SMSF Owners' Alliance executive director Duncan Fairweather told SMSF Adviser with pre-Budget submissions closing at the end of this month, super could be one of the ways the government looks at reducing the deficit.
“Clearly there’s a risk that the government, which has been very frustrated in its efforts to reduce the deficit and cut back on debt, will be attracted to look at superannuation savings.
“We’ve already had problems from the previous government attempting to impose a new tax on earnings in SMSFs.”
Mr Fairweather said while any budgetary proposals would likely be aimed at the super industry in general, the reality is that the SMSF sector holds the majority of the money.
“If the government is looking to raise revenue from the superannuation sector, SMSFs will [likely] have to pay,” he said.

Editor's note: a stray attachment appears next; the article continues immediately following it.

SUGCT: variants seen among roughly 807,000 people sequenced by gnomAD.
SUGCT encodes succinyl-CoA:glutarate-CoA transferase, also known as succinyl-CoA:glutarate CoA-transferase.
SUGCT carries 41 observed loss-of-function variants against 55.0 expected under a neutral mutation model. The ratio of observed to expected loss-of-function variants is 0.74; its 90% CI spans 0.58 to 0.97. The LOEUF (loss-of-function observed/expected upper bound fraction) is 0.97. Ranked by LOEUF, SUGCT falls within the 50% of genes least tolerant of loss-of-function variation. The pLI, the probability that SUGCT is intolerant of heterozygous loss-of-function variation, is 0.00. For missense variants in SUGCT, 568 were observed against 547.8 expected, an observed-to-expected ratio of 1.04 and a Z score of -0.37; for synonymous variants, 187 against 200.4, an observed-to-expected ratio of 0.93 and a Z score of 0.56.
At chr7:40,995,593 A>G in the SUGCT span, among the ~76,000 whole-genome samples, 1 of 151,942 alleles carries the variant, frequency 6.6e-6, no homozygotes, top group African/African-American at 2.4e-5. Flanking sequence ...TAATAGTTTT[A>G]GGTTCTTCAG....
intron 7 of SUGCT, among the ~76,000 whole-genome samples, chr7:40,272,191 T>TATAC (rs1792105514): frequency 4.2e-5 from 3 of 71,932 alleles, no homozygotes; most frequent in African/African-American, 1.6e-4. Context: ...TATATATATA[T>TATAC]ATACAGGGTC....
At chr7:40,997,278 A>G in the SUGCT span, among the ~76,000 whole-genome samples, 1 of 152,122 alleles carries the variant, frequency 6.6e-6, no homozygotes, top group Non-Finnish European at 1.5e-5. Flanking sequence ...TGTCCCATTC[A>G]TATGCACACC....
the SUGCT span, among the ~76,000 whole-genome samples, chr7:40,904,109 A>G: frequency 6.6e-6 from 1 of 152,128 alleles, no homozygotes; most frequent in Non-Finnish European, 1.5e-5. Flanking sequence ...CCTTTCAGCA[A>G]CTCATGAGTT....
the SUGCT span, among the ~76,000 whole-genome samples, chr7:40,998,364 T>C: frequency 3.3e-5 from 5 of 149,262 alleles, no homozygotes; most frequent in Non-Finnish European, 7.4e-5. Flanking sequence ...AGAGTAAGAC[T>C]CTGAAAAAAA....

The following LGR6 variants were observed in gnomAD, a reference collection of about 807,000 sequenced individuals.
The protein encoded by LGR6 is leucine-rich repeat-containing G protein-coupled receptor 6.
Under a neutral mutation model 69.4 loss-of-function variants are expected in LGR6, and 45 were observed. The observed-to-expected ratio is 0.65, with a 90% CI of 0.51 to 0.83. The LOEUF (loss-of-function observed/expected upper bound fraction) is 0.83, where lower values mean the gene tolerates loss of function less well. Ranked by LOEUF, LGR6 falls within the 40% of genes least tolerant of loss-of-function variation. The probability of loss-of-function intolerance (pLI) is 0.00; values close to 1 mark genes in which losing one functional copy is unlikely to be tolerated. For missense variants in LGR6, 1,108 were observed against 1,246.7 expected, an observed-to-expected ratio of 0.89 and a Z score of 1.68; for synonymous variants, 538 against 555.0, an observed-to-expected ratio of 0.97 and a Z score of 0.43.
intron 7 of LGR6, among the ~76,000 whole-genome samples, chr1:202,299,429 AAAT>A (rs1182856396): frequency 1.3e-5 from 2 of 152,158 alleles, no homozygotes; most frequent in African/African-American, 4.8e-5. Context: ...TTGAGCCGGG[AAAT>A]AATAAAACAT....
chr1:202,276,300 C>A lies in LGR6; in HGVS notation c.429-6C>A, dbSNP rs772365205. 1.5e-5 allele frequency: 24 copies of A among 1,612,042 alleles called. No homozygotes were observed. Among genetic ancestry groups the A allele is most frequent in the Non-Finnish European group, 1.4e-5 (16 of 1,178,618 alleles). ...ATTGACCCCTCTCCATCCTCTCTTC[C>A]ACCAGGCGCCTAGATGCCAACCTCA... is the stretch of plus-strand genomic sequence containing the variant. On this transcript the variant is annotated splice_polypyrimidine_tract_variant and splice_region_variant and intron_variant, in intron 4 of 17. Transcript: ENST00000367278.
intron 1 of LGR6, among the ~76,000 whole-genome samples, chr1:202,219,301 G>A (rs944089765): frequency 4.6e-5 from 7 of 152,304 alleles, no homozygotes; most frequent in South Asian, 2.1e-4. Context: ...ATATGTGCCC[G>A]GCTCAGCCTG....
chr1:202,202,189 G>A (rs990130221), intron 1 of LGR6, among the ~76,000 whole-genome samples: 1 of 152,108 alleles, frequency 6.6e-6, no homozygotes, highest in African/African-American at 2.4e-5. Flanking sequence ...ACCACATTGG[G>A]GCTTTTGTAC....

The SMSF Owners' Alliance, he added, will be holding the government accountable to its commitment that it would not touch superannuation during its first term of power.
“Regardless of what government is in power, the retirement income savings system should be in a sense sacrosanct and once those [retirement] savings are made, governments of any flavour should not be able to get their hands on the money that people have saved for their retirement,” he said.